Minority affairs and law minister Salman Khurshid on Tuesday said the government had “kept in mind” the possibility of the courts scrutinising the 4.5% minority sub-quota, suggesting that such an outcome would help determine the nature of affirmative action India should have.
The government, Khurshid said, will stand its ground that the quota was not given along religious lines. “We did not offer the quota on the basis of religion but on the share of population amongst backward classes recognised as backward classes by the Mandal Commission,” Khurshid said.
Arguing that several other decisions to grant quotas to minorities, including the one by the Andhra Pradesh government, are being examined by the courts, Khurshid said: "On the assumption that since the matter now stands before the constitutional bench of the Supreme Court, the constitutional bench feels that the decisions of the Andhra government or any other state deserve a look at the level of the constitutional bench. Keeping all this in mind, we had decided on the 4.5% sub-quota."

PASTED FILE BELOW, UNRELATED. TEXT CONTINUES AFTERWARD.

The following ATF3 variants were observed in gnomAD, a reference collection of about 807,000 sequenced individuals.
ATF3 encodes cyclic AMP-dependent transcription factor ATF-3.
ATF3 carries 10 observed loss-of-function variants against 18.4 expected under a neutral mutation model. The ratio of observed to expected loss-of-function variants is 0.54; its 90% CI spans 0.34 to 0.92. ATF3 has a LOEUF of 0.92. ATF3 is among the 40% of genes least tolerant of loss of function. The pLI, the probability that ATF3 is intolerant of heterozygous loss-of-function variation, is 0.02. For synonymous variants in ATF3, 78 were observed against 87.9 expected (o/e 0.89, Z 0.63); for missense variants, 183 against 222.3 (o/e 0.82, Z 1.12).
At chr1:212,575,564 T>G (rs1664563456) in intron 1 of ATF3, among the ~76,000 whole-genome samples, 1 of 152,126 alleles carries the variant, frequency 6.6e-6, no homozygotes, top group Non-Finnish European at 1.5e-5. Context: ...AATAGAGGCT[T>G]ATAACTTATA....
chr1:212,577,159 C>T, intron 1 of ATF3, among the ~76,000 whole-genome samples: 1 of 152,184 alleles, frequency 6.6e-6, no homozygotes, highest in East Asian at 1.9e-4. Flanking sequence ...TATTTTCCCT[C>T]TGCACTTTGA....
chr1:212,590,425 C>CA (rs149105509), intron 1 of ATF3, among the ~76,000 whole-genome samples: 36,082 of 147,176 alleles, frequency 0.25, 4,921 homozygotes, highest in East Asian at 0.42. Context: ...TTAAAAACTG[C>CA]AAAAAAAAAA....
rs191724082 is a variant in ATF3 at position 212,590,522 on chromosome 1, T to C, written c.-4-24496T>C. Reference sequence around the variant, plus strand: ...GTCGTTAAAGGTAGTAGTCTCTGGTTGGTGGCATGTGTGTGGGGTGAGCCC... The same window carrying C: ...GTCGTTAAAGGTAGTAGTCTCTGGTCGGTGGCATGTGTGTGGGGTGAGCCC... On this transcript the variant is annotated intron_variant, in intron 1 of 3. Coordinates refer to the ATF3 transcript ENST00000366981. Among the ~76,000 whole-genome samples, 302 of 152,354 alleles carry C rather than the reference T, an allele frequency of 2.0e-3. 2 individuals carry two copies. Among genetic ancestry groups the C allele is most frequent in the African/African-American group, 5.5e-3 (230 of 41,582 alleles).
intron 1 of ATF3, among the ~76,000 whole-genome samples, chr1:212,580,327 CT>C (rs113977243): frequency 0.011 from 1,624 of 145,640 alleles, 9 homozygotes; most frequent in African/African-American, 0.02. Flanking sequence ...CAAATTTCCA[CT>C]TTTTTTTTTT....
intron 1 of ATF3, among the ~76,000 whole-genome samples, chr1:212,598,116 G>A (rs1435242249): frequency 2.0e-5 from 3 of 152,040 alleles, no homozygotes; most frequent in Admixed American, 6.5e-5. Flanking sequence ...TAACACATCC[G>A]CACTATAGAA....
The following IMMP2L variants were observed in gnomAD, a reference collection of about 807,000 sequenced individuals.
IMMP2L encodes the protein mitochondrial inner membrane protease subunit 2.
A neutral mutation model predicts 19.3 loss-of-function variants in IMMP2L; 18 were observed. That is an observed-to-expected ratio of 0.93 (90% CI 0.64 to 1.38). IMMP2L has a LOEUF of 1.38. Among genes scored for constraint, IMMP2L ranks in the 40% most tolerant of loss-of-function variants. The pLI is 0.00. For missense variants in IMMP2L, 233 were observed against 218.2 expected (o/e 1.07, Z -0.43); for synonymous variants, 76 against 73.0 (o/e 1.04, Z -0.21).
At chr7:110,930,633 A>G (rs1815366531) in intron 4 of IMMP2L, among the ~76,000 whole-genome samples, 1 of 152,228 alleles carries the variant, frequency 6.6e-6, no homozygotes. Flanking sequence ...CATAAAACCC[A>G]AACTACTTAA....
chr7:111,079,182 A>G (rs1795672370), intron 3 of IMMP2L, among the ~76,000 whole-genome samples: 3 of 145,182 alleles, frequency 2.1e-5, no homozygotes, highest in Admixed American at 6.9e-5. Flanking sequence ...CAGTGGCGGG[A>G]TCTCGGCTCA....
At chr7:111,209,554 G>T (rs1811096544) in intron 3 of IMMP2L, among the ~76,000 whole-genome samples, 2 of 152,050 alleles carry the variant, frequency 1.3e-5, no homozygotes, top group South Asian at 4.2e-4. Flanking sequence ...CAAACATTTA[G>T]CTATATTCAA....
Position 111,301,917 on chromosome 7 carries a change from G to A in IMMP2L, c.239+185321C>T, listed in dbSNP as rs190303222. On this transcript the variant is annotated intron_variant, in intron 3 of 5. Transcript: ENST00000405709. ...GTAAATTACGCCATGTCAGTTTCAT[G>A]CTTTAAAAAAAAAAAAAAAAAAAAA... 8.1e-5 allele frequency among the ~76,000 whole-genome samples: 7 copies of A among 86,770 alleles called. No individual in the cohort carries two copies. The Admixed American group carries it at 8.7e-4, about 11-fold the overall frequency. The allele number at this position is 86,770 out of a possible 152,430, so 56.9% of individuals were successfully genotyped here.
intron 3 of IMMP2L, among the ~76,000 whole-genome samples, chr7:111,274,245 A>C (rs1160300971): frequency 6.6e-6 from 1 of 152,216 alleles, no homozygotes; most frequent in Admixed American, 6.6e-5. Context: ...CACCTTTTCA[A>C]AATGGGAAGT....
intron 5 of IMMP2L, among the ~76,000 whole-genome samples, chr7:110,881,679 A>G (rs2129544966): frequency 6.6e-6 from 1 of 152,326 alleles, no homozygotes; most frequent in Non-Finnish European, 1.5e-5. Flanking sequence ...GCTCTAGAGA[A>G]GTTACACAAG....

He said the rational behind 4.5% quota was to ensure that minorities benefit according to the share of their population. The government is expected to base its case in the SC on this argument.
The Andhra Pradesh high court had on Monday "set aside" the Congress-led UPA government's decision to create sub-quota of 4.5% within the 27% quota for OBCs for minorities. This was viewed as part of its strategy to win Muslim votes before the recent UP polls.
Asked about the status of those minority students already selected by the prestigious IIT under 4.5% sub-quota, the law minister said: “We will move the SC by way of a special leave petition ... The HRD ministry has informed me that admissions to the IITs are not over yet.”